Now that this year’s Nobel Peace Prize winner has been announced, let’s pause to remember the courageous, improbable and tragic story of Carl von Ossietzky, the 1936 laureate, a journalist and activist who exposed the Nazis’ clandestine rearmament of Germany and paid a terrible price for his defiance. Some years, the process of awarding the Peace Prize seems like a strained exercise in wishful thinking or the result of clever politicking. But eighty years ago, it was long-overdue recognition of von Ossietzky’s bravery.
It almost never happened. In fact, von Ossietzky was expected to be awarded the peace prize the prior year, in 1935. By then, he had been in a concentration camp for two years, imprisoned by the Nazis shortly after they came to power for his critical writings, and had become an international cause. Though born to a Protestant father and a Catholic mother, he was outspoken in his warnings about the growing anti-Semitism of the Third Reich. “Today,” he wrote, “there is a strong smell of blood in the air. Literary anti-Semitism forges the moral weapon for murder. Sturdy and honest lads will take care of the rest.”
But the Germans successfully pressured the Nobel committee against honoring von Ossietzky, and the Norwegians caved, awarding no prize that year. By 1936, von Ossietzky was seriously ill with tuberculosis and other ailments caused by his imprisonment, and his situation became ever more urgent. Celebrities including Albert Einstein launched a global campaign to, as TIME magazine noted, “Send the Peace Prize Into the Concentration Camp.”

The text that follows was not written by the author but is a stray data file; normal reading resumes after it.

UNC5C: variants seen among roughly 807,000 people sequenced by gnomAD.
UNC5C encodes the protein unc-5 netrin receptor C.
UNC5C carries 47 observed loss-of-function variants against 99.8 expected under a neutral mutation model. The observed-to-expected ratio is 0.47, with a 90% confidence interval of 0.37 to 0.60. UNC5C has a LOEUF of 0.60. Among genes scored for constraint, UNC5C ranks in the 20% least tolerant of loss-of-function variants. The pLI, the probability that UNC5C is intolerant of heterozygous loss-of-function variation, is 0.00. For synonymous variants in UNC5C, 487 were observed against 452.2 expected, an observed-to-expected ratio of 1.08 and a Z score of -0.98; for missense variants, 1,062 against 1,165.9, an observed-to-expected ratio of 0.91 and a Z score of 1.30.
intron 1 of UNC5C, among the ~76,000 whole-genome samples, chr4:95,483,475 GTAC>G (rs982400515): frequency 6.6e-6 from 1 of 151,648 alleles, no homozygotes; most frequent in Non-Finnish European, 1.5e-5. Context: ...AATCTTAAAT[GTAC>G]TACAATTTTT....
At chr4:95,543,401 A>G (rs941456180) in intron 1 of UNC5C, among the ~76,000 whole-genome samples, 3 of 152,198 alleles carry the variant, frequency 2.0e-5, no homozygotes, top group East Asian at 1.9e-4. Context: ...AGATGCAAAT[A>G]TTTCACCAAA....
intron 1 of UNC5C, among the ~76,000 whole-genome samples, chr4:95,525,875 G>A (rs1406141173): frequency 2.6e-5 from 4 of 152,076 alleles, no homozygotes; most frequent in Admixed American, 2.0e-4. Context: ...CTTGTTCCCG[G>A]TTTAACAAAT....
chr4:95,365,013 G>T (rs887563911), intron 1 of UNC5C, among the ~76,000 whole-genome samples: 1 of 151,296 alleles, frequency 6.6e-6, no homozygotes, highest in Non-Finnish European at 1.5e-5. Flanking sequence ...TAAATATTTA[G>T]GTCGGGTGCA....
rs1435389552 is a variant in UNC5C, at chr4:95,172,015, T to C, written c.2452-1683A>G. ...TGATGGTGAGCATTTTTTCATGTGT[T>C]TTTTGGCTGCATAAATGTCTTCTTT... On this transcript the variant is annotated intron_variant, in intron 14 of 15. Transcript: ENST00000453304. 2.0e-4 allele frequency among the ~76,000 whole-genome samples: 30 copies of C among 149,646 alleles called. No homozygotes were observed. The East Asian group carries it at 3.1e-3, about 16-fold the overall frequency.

The Nobel Committee redeemed itself and offered von Ossietzky the prize, which was worth $40,000. (Today, it’s valued at about $1.4 million.) Then a second cycle of drama began, when a furious Hitler threatened to cut off relations with Norway and prevent any Germans, ever, from receiving a Nobel prize. Ab Cahan, the editor of the Yiddish Forward, was among those who weighed in, asking in an editorial in October 1936, “Is Hitler preparing the gallows for Nobel Prize Winner von Ossietzky?”
On November 29, 1936, the Forward’s front page story noted that, the “prize recipient released this statement today for the press: If the government will only permit it, I will definitely travel to Norway. I have been a pacifist and will remain so forever.”
Alas, the Nazis refused to release him and von Ossietzky never made it to Oslo to accept his award in person. The tragedies in his life continued — a swindler stole his prize money, and it was recovered only shortly before he died in 1938 while still in police custody.
Why am I relating this sad tale today? At a time when journalism has become diminished in the public’s perception, we must remind ourselves of its lasting power — of the ability of a single man to defy a totalitarian regime with his words alone, uncovering inconvenient and dangerous facts, exposing government secrets, calling out wrongdoing and discrimination. We must also remind ourselves of the lengths to which certain leaders will go to crush dissent. As Cahan wrote, this is “how bloody Hitler settles things with his foes.” This is how leaders who don’t mind spilling the blood of their countrymen and women settle things with their foes.
And let’s remember this, too: Even though it is fashionable to deride the peace prize as too political or generally irrelevant, it is not. It can recognize uncommon courage and genuine goodness — the kind that Carl von Ossietzky displayed eight decades ago. It cost him his life. It’s the least we can do to honor his memory and emulate his work.
Contact Jane Eisner at firstname.lastname@example.org or on Twitter, @Jane_Eisner
Jane Eisner, a pioneer in journalism, is writer-at-large at the Forward and the 2019 Koeppel Fellow in Journalism at Wesleyan University. For more than a decade, she was editor-in-chief of the Forward, the first woman to hold the position at the influential Jewish national news organization. Under her leadership, the Forward’s digital readership grew significantly, and won numerous regional and national awards for its original journalism, in print and online.